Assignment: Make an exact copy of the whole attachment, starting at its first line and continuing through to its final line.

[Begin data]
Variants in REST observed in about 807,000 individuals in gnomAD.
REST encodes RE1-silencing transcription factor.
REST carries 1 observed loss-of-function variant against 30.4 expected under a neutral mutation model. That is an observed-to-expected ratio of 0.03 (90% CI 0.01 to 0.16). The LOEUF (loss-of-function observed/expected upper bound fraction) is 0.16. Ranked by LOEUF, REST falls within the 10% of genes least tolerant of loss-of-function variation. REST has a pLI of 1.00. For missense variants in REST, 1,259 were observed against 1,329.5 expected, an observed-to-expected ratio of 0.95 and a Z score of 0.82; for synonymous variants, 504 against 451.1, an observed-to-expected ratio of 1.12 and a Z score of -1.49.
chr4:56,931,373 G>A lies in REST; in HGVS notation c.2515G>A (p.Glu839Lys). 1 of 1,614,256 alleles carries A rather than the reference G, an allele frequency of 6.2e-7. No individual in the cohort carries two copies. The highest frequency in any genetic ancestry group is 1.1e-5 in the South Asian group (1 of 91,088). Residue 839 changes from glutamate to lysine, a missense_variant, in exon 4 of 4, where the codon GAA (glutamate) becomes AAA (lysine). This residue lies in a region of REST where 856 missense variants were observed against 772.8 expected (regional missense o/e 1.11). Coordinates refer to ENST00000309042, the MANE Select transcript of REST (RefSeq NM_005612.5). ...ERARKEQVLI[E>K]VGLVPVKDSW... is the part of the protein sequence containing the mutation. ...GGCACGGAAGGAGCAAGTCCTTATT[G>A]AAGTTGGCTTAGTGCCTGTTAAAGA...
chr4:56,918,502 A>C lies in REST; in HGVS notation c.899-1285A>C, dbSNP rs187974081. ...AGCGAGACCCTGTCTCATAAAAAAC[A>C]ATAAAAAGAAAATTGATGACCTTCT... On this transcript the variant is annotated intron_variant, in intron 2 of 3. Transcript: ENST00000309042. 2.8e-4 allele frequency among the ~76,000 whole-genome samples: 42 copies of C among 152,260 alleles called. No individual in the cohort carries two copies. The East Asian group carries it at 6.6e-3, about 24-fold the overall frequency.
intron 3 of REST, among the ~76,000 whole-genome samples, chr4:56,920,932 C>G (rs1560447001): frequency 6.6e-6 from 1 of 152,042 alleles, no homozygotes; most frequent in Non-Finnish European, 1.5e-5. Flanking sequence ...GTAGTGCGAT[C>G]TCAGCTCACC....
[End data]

Variants in REST observed in about 807,000 individuals in gnomAD.
REST encodes RE1-silencing transcription factor.
REST carries 1 observed loss-of-function variant against 30.4 expected under a neutral mutation model. That is an observed-to-expected ratio of 0.03 (90% CI 0.01 to 0.16). The LOEUF (loss-of-function observed/expected upper bound fraction) is 0.16. Ranked by LOEUF, REST falls within the 10% of genes least tolerant of loss-of-function variation. REST has a pLI of 1.00. For missense variants in REST, 1,259 were observed against 1,329.5 expected, an observed-to-expected ratio of 0.95 and a Z score of 0.82; for synonymous variants, 504 against 451.1, an observed-to-expected ratio of 1.12 and a Z score of -1.49.
chr4:56,931,373 G>A lies in REST; in HGVS notation c.2515G>A (p.Glu839Lys). 1 of 1,614,256 alleles carries A rather than the reference G, an allele frequency of 6.2e-7. No individual in the cohort carries two copies. The highest frequency in any genetic ancestry group is 1.1e-5 in the South Asian group (1 of 91,088). Residue 839 changes from glutamate to lysine, a missense_variant, in exon 4 of 4, where the codon GAA (glutamate) becomes AAA (lysine). This residue lies in a region of REST where 856 missense variants were observed against 772.8 expected (regional missense o/e 1.11). Coordinates refer to ENST00000309042, the MANE Select transcript of REST (RefSeq NM_005612.5). ...ERARKEQVLI[E>K]VGLVPVKDSW... is the part of the protein sequence containing the mutation. ...GGCACGGAAGGAGCAAGTCCTTATT[G>A]AAGTTGGCTTAGTGCCTGTTAAAGA...
chr4:56,918,502 A>C lies in REST; in HGVS notation c.899-1285A>C, dbSNP rs187974081. ...AGCGAGACCCTGTCTCATAAAAAAC[A>C]ATAAAAAGAAAATTGATGACCTTCT... On this transcript the variant is annotated intron_variant, in intron 2 of 3. Transcript: ENST00000309042. 2.8e-4 allele frequency among the ~76,000 whole-genome samples: 42 copies of C among 152,260 alleles called. No individual in the cohort carries two copies. The East Asian group carries it at 6.6e-3, about 24-fold the overall frequency.
intron 3 of REST, among the ~76,000 whole-genome samples, chr4:56,920,932 C>G (rs1560447001): frequency 6.6e-6 from 1 of 152,042 alleles, no homozygotes; most frequent in Non-Finnish European, 1.5e-5. Flanking sequence ...GTAGTGCGAT[C>G]TCAGCTCACC....